Chess, which returns to the Arabian Gulf this month with the resumption of the Abu Dhabi and Dubai Open after a two-year hiatus on account of Covid-19, has seen its share of upsets. From the relatively unknown Alexander Huzman defeating the great Garry Kasparov in the Euro Cup in 2003, to Oliver Touzane, a player with an Elo (ELO is a rating system to calculate the relative skill levels of chess players. It is named after its creator Arpad Elo, a Hungarian-American physics professor) rating of 2300, taking down five-time world champion Vishwanathan Anand in 2001, the history of the game is littered with ambushes.

Even chess masters, with an Elo rating below 2300, who are mere mortals before grandmasters (Elo rating 2500 and above) are known to occasionally trip up super grandmasters (2700 and above), of which there have been only around 50 in the game’s history.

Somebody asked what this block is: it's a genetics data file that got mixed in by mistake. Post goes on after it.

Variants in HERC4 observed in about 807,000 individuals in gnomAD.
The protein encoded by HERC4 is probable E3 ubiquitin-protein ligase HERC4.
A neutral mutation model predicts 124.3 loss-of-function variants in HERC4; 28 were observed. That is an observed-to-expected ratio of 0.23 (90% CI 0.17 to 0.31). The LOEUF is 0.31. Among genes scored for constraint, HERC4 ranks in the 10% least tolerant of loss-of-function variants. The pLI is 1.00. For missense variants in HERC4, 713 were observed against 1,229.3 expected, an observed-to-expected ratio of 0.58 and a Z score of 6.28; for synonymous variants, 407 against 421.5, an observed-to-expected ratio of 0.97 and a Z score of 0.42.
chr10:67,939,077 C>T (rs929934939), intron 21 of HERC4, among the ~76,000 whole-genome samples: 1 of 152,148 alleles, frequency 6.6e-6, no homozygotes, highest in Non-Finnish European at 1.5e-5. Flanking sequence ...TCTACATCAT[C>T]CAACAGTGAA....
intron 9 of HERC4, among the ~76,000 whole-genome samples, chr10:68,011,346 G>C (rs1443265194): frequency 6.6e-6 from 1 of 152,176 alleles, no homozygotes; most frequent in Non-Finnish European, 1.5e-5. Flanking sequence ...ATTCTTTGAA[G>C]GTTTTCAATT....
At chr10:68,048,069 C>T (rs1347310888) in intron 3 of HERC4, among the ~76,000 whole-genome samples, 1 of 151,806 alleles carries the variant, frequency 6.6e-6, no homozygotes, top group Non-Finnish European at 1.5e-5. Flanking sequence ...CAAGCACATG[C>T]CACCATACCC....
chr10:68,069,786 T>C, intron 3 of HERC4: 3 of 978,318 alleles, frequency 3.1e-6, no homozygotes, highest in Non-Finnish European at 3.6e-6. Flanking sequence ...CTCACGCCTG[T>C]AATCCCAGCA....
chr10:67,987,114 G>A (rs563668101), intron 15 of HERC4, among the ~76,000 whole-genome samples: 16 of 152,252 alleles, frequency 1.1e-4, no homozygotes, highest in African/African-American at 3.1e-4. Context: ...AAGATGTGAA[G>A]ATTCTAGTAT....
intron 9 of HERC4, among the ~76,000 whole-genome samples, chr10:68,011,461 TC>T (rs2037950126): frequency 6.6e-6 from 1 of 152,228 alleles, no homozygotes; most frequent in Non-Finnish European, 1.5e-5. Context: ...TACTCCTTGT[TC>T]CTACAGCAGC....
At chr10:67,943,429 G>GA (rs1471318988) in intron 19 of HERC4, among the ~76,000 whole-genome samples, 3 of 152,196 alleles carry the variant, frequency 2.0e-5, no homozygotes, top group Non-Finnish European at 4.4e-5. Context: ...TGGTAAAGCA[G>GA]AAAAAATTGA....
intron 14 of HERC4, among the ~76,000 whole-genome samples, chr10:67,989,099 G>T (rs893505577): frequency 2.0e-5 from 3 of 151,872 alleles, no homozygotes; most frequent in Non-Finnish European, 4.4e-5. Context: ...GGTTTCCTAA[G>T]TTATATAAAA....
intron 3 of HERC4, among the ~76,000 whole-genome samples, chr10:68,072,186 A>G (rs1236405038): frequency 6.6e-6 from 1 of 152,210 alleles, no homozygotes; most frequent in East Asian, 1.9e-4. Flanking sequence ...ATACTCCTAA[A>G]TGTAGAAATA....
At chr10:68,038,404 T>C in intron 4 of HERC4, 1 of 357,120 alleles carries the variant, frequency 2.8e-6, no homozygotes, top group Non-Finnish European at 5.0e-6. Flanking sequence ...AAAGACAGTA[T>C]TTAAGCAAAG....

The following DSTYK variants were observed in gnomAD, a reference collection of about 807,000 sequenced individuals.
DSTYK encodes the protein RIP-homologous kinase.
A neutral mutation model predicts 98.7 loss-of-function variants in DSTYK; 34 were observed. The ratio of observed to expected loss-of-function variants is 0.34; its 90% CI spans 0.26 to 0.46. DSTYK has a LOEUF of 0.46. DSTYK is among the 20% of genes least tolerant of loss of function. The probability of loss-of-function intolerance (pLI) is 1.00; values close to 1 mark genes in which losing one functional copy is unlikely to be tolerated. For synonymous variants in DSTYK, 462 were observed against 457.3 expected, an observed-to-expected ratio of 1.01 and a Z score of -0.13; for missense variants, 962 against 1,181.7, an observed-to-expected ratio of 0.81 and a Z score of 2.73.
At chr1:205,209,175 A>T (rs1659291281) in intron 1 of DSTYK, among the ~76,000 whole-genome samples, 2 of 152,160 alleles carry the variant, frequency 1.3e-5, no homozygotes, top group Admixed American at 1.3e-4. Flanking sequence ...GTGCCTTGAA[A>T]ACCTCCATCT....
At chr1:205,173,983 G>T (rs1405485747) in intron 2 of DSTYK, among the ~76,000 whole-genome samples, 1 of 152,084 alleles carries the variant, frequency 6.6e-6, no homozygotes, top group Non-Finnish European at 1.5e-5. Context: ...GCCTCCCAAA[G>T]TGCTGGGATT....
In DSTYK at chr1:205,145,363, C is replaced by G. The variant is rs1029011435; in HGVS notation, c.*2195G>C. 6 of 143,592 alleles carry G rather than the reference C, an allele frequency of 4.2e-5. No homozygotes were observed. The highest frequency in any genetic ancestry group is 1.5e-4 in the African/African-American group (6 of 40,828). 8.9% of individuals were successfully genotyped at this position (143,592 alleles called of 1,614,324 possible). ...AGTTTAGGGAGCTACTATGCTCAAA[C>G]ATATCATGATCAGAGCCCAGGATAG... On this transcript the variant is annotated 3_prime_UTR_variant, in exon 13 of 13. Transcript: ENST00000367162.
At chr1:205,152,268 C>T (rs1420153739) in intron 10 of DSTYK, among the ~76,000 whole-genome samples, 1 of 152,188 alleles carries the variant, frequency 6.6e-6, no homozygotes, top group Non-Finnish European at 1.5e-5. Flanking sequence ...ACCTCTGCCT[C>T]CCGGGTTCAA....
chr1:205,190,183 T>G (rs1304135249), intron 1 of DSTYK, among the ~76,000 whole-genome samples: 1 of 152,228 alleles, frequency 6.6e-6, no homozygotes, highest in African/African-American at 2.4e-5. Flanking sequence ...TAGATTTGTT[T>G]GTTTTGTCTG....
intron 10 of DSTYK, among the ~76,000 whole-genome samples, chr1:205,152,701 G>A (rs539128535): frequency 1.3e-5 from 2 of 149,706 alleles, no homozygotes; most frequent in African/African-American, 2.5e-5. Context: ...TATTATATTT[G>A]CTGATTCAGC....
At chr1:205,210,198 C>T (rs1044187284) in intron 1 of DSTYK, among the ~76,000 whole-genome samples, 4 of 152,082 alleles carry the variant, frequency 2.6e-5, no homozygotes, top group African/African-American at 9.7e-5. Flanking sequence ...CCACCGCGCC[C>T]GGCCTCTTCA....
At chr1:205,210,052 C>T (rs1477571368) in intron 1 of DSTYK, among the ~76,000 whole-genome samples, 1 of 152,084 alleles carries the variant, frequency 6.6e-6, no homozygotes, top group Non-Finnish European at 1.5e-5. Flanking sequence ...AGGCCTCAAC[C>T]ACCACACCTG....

By that token, Indian chess grandmaster Rameshbabu Praggnanandhaa’s spectacular win — actually multiple victories -— over Norwegian world champion Magnus Carlsen at FTX Crypto Cup in Miami last week was not entirely unexpected. Pragg or Praggu, as he is known in the chess community, had defeated Carlsen twice this year, albeit in rapid games. Although he has never defeated the legend in a classical game (to be fair they have played only once, with Carlsen winning), rapid and blitz games are thought to provide greater opportunities for upsets. Think Test cricket versus T20, the latter giving even weaker teams better chances on a good day.